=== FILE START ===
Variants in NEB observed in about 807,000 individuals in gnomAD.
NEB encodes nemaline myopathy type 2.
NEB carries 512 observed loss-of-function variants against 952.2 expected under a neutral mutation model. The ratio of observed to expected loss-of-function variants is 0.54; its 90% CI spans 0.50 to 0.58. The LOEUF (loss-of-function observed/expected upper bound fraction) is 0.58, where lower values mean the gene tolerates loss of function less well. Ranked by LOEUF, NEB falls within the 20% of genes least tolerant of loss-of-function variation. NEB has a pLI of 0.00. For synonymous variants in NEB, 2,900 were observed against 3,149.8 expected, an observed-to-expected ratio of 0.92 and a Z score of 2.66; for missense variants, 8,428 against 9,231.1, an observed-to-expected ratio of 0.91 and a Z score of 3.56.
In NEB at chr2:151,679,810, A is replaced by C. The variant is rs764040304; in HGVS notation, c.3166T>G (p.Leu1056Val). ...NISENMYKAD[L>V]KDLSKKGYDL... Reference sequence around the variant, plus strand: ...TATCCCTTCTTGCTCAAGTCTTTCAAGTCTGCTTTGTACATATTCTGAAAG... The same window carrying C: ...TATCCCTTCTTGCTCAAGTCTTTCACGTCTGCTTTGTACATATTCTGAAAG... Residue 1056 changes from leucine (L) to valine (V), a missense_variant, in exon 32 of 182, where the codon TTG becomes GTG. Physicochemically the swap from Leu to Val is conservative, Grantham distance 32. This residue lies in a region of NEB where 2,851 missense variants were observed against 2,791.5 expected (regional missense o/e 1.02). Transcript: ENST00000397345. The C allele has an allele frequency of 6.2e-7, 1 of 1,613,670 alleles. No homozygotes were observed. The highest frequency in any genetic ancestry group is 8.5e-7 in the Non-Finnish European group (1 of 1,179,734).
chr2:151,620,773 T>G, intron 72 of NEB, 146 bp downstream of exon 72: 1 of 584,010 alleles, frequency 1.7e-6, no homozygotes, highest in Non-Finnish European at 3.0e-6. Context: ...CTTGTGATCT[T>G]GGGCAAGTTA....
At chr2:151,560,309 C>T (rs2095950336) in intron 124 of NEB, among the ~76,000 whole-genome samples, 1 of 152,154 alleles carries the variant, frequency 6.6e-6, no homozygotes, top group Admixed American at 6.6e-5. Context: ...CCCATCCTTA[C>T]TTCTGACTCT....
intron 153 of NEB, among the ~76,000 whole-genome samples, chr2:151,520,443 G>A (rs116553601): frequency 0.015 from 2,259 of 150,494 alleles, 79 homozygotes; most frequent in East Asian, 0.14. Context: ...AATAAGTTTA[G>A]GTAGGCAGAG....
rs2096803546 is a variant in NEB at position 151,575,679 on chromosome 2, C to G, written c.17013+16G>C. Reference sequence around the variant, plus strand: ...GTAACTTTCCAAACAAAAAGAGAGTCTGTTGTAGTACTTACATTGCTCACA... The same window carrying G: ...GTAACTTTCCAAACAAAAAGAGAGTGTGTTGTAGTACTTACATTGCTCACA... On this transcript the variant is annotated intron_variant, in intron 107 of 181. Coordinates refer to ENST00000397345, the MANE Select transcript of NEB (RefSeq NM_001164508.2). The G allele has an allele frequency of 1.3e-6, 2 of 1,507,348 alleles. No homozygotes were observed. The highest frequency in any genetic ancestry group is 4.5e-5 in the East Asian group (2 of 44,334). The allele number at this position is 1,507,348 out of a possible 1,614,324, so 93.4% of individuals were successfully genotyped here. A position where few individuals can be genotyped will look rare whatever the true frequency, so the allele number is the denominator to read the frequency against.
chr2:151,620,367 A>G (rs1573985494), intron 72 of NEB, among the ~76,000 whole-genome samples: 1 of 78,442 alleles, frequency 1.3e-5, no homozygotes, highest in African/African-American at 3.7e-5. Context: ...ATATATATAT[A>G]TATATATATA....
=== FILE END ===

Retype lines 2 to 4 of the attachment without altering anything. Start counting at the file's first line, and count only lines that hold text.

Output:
NEB encodes nemaline myopathy type 2.
NEB carries 512 observed loss-of-function variants against 952.2 expected under a neutral mutation model. The ratio of observed to expected loss-of-function variants is 0.54; its 90% CI spans 0.50 to 0.58. The LOEUF (loss-of-function observed/expected upper bound fraction) is 0.58, where lower values mean the gene tolerates loss of function less well. Ranked by LOEUF, NEB falls within the 20% of genes least tolerant of loss-of-function variation. NEB has a pLI of 0.00. For synonymous variants in NEB, 2,900 were observed against 3,149.8 expected, an observed-to-expected ratio of 0.92 and a Z score of 2.66; for missense variants, 8,428 against 9,231.1, an observed-to-expected ratio of 0.91 and a Z score of 3.56.
In NEB at chr2:151,679,810, A is replaced by C. The variant is rs764040304; in HGVS notation, c.3166T>G (p.Leu1056Val). ...NISENMYKAD[L>V]KDLSKKGYDL... Reference sequence around the variant, plus strand: ...TATCCCTTCTTGCTCAAGTCTTTCAAGTCTGCTTTGTACATATTCTGAAAG... The same window carrying C: ...TATCCCTTCTTGCTCAAGTCTTTCACGTCTGCTTTGTACATATTCTGAAAG... Residue 1056 changes from leucine (L) to valine (V), a missense_variant, in exon 32 of 182, where the codon TTG becomes GTG. Physicochemically the swap from Leu to Val is conservative, Grantham distance 32. This residue lies in a region of NEB where 2,851 missense variants were observed against 2,791.5 expected (regional missense o/e 1.02). Transcript: ENST00000397345. The C allele has an allele frequency of 6.2e-7, 1 of 1,613,670 alleles. No homozygotes were observed. The highest frequency in any genetic ancestry group is 8.5e-7 in the Non-Finnish European group (1 of 1,179,734).